Put Peer Pressure in Its Place
During the teen years, peer pressure can be very strong. It can push kids to do things that they don't really want to do. This pressure can come from friends or other kids at school. But parents can counter it, if they're ready to help.
It's normal for children to get some guidance from outside sources, including their peers. But uninformed or bad advice may send children down the wrong path.
Pushed toward behavior
Teens can feel pressure to drive recklessly, have sex, smoke, or use drugs and alcohol. Smoking, drinking, and use of marijuana among teens and preteens are not uncommon. The best shield against peer pressure is to help your child stay away from the bad influences until he or she is old enough to understand the risks. It’s also important for your child to have the confidence to make decisions on his or her own.
The most precious thing is self-respect. This is instilled from a very young age. Children without an identity, or those who live in troubled households, are very likely to feel confused or disappointed in their parents. They often have a need to rebel.
You can nurture self-respect if you help your children view themselves in a positive light and praise them for good decision-making.
A parent can't control a child. The child has to be self-controlled. What you can do is act as a resource for your child's judgment and step in when there's danger. Modeling self-respect and proper behavior in front of your child is the best way to teach that behavior.
Get your children ready
Here are several ways to help your kids get ready to hang out with friends when no adults are around:
Get to know your children's friends and their parents. Children whose friends do not smoke, drink, steal, or lie are far less likely to do these things.
Role-play situations in which your child says no to an offer of drugs, alcohol, or cigarettes. It's important to rehearse these things so that your child feels comfortable with what he or she can say. A shy child or teen might prefer to say "No thanks" or "I have to go." A more confident or outgoing child or teen might prefer "Forget it!" or "No way!"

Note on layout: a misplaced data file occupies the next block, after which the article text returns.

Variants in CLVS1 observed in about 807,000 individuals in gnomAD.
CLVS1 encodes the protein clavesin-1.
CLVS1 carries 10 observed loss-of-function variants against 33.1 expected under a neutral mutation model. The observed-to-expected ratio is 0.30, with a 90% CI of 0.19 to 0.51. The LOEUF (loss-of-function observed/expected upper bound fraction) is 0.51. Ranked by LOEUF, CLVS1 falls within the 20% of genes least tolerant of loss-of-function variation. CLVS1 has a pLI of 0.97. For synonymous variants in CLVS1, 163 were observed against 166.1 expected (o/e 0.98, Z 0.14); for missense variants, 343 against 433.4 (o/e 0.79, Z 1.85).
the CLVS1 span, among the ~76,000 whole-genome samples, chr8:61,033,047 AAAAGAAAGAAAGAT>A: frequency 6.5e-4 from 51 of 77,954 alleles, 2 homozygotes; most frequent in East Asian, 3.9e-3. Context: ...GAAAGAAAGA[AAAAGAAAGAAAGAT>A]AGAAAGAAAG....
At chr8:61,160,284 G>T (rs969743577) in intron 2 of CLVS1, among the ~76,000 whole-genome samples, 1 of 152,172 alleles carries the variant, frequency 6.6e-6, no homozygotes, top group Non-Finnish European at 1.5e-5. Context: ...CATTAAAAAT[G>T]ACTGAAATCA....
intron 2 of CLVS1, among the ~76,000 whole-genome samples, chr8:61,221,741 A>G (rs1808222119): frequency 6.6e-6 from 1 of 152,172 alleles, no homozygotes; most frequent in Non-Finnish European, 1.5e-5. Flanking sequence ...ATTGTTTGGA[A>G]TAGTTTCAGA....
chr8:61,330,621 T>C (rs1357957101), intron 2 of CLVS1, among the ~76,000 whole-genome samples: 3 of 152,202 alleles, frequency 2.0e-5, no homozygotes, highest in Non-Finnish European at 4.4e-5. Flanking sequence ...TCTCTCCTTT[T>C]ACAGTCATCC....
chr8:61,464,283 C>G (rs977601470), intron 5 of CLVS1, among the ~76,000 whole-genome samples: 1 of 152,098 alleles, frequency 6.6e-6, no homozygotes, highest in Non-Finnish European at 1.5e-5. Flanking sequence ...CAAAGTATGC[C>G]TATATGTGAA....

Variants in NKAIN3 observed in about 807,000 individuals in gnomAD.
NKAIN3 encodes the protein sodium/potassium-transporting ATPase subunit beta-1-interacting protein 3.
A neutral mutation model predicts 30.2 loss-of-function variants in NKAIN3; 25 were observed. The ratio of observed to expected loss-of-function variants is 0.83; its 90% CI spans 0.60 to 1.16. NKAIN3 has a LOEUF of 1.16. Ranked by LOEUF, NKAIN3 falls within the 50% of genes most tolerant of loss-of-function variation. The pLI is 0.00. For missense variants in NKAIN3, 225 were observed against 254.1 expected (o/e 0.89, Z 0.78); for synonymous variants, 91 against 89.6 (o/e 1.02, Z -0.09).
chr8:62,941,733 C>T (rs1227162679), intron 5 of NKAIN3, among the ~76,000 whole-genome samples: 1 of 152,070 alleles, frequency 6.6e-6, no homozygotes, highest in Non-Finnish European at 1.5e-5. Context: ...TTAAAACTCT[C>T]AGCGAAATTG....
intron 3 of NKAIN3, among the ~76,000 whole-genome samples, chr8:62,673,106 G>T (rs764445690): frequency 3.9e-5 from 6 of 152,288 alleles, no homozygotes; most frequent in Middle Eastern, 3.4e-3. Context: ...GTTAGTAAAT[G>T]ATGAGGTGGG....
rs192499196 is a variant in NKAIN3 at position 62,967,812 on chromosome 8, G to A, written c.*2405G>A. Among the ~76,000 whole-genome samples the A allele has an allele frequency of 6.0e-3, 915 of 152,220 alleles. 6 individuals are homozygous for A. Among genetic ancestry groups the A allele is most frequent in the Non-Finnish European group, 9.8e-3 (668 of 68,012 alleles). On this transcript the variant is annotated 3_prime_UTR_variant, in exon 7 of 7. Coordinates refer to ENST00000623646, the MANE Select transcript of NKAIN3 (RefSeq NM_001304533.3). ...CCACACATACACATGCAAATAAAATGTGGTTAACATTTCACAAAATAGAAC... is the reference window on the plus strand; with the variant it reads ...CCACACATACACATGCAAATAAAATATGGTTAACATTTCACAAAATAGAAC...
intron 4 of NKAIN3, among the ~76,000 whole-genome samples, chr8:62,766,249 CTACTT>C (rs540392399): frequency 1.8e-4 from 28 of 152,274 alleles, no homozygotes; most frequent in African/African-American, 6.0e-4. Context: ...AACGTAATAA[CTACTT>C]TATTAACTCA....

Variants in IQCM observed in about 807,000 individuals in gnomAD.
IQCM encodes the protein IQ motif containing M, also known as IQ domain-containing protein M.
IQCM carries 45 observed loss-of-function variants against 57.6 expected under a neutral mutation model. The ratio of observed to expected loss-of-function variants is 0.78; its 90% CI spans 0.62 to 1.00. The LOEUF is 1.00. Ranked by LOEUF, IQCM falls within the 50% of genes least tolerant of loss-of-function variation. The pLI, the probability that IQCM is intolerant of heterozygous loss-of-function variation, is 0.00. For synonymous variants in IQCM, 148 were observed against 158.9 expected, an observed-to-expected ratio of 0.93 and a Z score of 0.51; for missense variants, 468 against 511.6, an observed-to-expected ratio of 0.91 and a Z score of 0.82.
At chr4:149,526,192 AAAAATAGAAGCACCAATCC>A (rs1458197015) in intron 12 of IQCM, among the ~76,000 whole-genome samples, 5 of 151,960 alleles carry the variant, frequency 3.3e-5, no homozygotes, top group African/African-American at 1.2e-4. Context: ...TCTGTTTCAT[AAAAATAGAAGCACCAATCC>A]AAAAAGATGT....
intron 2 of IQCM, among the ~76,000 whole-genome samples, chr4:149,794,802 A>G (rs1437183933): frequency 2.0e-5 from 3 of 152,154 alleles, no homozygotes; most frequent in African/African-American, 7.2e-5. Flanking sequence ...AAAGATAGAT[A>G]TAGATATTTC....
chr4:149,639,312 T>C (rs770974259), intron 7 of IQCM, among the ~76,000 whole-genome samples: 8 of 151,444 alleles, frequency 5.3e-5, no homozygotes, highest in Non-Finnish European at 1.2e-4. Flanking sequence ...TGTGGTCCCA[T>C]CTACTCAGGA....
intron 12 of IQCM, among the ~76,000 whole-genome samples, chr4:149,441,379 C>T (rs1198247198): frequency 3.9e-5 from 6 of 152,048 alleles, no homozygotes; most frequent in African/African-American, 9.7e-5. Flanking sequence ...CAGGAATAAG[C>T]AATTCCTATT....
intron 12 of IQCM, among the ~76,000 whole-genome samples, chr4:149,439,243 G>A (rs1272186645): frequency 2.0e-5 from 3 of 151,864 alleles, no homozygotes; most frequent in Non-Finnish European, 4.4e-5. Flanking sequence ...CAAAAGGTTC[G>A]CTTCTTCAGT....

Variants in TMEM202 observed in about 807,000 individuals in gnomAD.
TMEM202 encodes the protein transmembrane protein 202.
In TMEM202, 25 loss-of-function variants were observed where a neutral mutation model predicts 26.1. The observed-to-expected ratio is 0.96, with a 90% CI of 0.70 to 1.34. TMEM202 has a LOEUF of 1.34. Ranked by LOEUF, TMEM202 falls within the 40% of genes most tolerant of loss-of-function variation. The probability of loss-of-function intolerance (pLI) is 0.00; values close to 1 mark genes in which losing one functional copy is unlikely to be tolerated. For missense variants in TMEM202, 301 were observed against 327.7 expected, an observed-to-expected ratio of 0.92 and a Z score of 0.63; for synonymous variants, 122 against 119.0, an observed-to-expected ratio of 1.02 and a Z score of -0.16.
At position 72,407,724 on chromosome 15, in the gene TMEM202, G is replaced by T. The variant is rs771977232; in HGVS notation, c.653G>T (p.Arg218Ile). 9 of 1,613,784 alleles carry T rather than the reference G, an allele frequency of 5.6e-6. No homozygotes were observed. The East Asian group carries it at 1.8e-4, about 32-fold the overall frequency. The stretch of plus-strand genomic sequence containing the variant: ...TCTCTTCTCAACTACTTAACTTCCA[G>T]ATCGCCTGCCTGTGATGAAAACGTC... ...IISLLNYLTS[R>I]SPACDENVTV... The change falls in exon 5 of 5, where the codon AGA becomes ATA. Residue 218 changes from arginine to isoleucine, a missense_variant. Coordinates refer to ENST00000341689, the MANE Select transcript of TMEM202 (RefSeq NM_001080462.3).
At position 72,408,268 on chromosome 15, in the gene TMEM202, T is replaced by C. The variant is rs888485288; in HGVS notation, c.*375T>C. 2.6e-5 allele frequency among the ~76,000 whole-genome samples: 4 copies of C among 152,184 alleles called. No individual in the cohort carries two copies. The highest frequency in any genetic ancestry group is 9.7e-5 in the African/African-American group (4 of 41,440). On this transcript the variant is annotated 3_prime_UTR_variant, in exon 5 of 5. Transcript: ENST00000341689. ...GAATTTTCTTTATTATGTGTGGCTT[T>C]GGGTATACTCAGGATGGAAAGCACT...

Also talk with your child about how to avoid situations you don't want him or her to be in. And how to avoid people who break the rules. If your child is not in a situation in which he or she feels pressure to follow unacceptable behavior, he or she is much less likely to behave that way.
Nurture self-esteem in your children. A child or teen with strong self-esteem can make decisions and follow through on them, despite what his or her friends say. To nurture self-esteem, be generous with praise, so that your children see themselves in a positive way. Help them avoid children who ridicule or try to shame them.
Discuss sex and sexual health before your child becomes sexually active. Listen to your child, but make your values and opinions clear.
March 21, 2017
Monitoring Your Teen’s Activities: What Parents and Families Should Know. CDC., School Connectedness: Strategies for Increasing Protective Factors Among Youth. CDC.
Ballas, Paul, DO,Bass, Pat F. III, MD, MPH